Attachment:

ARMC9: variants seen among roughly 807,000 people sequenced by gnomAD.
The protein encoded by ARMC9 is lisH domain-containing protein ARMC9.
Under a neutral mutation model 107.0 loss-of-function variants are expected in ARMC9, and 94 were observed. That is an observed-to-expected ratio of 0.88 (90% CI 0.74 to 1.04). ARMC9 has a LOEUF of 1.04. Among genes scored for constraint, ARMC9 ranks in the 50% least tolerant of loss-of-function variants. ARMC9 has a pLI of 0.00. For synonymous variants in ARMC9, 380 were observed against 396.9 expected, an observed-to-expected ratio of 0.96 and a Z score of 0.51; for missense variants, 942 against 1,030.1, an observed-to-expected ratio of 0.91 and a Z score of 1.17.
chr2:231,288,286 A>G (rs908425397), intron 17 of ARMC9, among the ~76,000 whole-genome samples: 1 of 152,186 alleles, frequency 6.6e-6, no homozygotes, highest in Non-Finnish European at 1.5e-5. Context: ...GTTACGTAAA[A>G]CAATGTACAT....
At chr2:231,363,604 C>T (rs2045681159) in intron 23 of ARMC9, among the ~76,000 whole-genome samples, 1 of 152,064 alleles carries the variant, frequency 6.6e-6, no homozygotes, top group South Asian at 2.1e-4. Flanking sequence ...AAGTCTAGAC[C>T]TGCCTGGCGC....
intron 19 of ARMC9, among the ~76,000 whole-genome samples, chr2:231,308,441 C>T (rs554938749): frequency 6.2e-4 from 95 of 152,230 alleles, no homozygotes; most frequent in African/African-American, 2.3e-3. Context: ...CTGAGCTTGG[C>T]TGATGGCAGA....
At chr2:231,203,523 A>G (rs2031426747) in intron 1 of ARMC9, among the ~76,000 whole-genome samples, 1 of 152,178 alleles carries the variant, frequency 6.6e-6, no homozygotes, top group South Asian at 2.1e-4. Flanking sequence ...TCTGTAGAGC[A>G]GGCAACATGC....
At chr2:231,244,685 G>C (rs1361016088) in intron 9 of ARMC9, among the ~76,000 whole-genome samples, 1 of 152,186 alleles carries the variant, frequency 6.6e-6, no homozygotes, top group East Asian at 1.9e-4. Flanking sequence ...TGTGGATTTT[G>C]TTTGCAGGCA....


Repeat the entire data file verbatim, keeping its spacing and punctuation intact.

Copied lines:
ARMC9: variants seen among roughly 807,000 people sequenced by gnomAD.
The protein encoded by ARMC9 is lisH domain-containing protein ARMC9.
Under a neutral mutation model 107.0 loss-of-function variants are expected in ARMC9, and 94 were observed. That is an observed-to-expected ratio of 0.88 (90% CI 0.74 to 1.04). ARMC9 has a LOEUF of 1.04. Among genes scored for constraint, ARMC9 ranks in the 50% least tolerant of loss-of-function variants. ARMC9 has a pLI of 0.00. For synonymous variants in ARMC9, 380 were observed against 396.9 expected, an observed-to-expected ratio of 0.96 and a Z score of 0.51; for missense variants, 942 against 1,030.1, an observed-to-expected ratio of 0.91 and a Z score of 1.17.
chr2:231,288,286 A>G (rs908425397), intron 17 of ARMC9, among the ~76,000 whole-genome samples: 1 of 152,186 alleles, frequency 6.6e-6, no homozygotes, highest in Non-Finnish European at 1.5e-5. Context: ...GTTACGTAAA[A>G]CAATGTACAT....
At chr2:231,363,604 C>T (rs2045681159) in intron 23 of ARMC9, among the ~76,000 whole-genome samples, 1 of 152,064 alleles carries the variant, frequency 6.6e-6, no homozygotes, top group South Asian at 2.1e-4. Flanking sequence ...AAGTCTAGAC[C>T]TGCCTGGCGC....
intron 19 of ARMC9, among the ~76,000 whole-genome samples, chr2:231,308,441 C>T (rs554938749): frequency 6.2e-4 from 95 of 152,230 alleles, no homozygotes; most frequent in African/African-American, 2.3e-3. Context: ...CTGAGCTTGG[C>T]TGATGGCAGA....
At chr2:231,203,523 A>G (rs2031426747) in intron 1 of ARMC9, among the ~76,000 whole-genome samples, 1 of 152,178 alleles carries the variant, frequency 6.6e-6, no homozygotes, top group South Asian at 2.1e-4. Flanking sequence ...TCTGTAGAGC[A>G]GGCAACATGC....
At chr2:231,244,685 G>C (rs1361016088) in intron 9 of ARMC9, among the ~76,000 whole-genome samples, 1 of 152,186 alleles carries the variant, frequency 6.6e-6, no homozygotes, top group East Asian at 1.9e-4. Flanking sequence ...TGTGGATTTT[G>C]TTTGCAGGCA....